Announcement Regarding Jeanette Takamura, Dean of the School of Social Work
The following is the text of an email sent to the Columbia community by the Office of the President, August 1, 2016, 11:00 a.m.
I write to share with you that Jeanette Takamura, Dean of the School of Social Work, has informed me that she will be stepping down from her position on December 31, 2016, after successfully leading the School for 15 years.
Dean Takamura’s leadership during this period has resulted in important advances on several fronts, including new academic programming dedicated to strengthening the global and interdisciplinary character of the School. The nine research centers established under her direction are found on our own campus and locations around the world. They offer the Social Work faculty greatly enhanced opportunities to educate, serve, and collaborate on research with colleagues from Columbia’s Morningside and Medical Center campuses and with academic partners from other universities here and abroad. This has occurred at the same time that the School has expanded its longstanding commitment to serving Harlem and Bronx neighborhoods through pioneering initiatives and partnerships.
The great strides forward in the racial, ethnic, and cultural diversification of the School’s faculty—an objective inseparable from achieving the highest levels of academic excellence—have been supported by a rigorous mentoring program for junior professors resulting in a record number of faculty earning tenure during Jeanette’s time as Dean. Perhaps the greatest testament to any dean’s leadership is found in the contributions to society made by a school’s faculty and graduates, and, by this measure, the School of Social Work has been flourishing. The School’s faculty members are routinely sought by government and non-governmental organizations for their leadership and expertise in addressing society’s most challenging problems, including poverty, criminal justice, and the education and training of youth in developing countries. And, for more than a decade, a Washington-based leadership program has been placing talented and public-spirited alumni in consequential policymaking positions throughout the federal government.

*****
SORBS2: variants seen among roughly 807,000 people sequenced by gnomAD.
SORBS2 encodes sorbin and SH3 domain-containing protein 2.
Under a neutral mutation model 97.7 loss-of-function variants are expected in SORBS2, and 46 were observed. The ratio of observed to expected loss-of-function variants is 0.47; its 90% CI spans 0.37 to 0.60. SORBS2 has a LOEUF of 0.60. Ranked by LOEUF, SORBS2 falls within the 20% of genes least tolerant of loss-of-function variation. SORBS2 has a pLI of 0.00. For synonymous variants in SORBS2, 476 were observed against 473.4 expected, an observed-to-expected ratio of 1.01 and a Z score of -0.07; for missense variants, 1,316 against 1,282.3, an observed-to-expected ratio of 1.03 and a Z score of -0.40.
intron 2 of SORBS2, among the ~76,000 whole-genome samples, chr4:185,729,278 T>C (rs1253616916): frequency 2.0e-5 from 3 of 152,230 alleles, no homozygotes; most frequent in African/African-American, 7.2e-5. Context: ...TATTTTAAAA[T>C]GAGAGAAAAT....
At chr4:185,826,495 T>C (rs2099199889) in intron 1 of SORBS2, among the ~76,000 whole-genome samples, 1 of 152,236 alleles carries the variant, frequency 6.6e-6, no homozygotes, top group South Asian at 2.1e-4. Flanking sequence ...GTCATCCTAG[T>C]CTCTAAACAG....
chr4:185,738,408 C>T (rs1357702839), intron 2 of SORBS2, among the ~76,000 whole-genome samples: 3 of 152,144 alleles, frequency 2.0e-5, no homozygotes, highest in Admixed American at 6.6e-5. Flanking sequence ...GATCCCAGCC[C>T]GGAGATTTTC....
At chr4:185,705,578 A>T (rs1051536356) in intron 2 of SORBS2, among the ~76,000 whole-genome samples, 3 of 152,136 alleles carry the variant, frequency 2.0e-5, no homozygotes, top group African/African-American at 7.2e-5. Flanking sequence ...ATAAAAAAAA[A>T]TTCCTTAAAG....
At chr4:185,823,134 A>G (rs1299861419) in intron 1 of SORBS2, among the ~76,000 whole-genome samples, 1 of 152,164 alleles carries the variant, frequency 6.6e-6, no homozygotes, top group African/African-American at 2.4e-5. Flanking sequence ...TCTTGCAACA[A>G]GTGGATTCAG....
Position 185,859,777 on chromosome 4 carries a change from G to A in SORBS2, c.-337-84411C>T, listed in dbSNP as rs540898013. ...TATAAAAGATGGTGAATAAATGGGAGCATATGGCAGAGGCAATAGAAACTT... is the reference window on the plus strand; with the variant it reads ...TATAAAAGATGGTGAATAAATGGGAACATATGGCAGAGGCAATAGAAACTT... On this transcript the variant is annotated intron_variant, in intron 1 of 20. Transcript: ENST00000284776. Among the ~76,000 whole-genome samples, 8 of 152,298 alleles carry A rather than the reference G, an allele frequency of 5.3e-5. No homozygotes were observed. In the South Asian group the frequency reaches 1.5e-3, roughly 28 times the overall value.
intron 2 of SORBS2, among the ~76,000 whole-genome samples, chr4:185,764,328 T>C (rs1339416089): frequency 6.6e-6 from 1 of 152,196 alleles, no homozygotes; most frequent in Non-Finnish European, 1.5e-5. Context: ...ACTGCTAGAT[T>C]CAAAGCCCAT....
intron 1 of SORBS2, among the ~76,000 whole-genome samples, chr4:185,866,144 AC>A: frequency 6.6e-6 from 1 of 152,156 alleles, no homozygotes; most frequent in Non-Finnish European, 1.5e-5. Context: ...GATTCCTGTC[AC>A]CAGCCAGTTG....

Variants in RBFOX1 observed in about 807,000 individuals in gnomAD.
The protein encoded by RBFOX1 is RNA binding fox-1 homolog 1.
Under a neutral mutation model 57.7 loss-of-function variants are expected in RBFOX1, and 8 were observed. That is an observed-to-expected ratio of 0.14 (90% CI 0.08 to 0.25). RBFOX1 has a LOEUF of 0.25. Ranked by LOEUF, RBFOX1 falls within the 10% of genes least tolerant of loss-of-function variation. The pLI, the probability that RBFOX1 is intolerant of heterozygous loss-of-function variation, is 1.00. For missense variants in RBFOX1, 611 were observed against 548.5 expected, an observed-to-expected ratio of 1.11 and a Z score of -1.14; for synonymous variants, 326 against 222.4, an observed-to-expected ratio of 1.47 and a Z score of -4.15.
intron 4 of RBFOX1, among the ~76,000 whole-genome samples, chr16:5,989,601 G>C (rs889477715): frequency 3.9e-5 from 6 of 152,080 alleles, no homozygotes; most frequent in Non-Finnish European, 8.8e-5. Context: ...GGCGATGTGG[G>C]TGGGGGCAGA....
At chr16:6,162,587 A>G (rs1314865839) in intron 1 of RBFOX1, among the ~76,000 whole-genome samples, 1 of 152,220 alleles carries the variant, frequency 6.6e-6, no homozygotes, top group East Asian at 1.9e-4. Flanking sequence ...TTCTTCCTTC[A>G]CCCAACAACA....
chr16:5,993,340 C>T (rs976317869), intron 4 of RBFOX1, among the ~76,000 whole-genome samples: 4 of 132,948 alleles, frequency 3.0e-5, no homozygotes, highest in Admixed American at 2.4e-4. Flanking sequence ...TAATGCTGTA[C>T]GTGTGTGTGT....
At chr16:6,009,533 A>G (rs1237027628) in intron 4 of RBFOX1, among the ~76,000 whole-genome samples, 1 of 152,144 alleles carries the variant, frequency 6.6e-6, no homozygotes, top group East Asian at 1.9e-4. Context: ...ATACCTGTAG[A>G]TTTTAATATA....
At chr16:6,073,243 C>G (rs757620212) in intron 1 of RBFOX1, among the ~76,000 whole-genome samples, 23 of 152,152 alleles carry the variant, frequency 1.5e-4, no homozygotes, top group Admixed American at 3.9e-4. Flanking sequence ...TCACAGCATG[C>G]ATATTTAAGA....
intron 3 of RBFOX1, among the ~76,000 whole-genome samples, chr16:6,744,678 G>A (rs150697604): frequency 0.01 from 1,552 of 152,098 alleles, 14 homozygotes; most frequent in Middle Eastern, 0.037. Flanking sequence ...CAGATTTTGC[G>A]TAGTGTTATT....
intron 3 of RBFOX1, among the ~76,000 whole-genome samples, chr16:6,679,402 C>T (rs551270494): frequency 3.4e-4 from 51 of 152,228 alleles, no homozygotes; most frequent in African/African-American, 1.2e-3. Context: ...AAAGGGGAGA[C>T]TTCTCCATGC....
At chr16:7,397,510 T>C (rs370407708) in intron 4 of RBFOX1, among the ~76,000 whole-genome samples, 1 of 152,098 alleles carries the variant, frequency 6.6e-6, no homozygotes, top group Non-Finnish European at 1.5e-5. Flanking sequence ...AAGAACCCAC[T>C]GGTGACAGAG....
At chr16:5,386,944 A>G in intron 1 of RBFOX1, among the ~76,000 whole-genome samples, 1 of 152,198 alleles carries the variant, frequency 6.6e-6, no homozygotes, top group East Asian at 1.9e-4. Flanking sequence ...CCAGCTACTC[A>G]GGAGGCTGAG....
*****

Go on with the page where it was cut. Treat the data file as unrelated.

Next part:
Jeanette plans to take a well-earned leave upon concluding her term as Dean and subsequently will return to her position as a full-time tenured member of the faculty that she has led with such dedication. I know that she is looking forward to resuming her teaching and research, and we are delighted that Jeanette will remain an important part of the Columbia community. I will soon convene a search committee to assist in the identification of her successor. For now, on behalf of the University, I simply want to congratulate Jeanette on a job well done and thank her for her exemplary service.
Lee C. Bollinger
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Jeanette C. Takamura joined the School of Social Work as its first female dean in 2001 after serving in the second Clinton administration as assistant secretary for aging at the U.S. Department of Health and Human Services. Among other achievements, she led the development and enactment of a modernized Older Americans Act and established the National Family Caregiver Support Program, the federal government’s first formal recognition of the significant contributions and needs of family caregivers. In addition, she spearheaded an initiative to lay the foundation for aging policy and program coordination and collaboration across executive branch departments and agencies for the first decade of the new millennium.
Early in her career, Dean Takamura was a practicing social worker serving youth and families. She held senior executive positions in the Hawaii state government and faculty and administrative appointments in higher education in Hawaii and California. She has served on numerous national and international boards, commissions, and working groups, is a fellow of the National Academic for Public Administration and the National Academy for Social Insurance, and has received numerous awards, among them the Lucy Stone Award from the White House for her advocacy on behalf of older women and the enactment of the National Family Caregiver Support Program. In 2006, she was named a Social Work Pioneer by the National Association of Social Workers (NASW) Foundation, the premier professional association for social workers.
Her bachelor’s degree in political science and sociology and her master’s degree in social work are from the University of Hawaii, and she holds a Ph.D. in social policy from Brandeis University.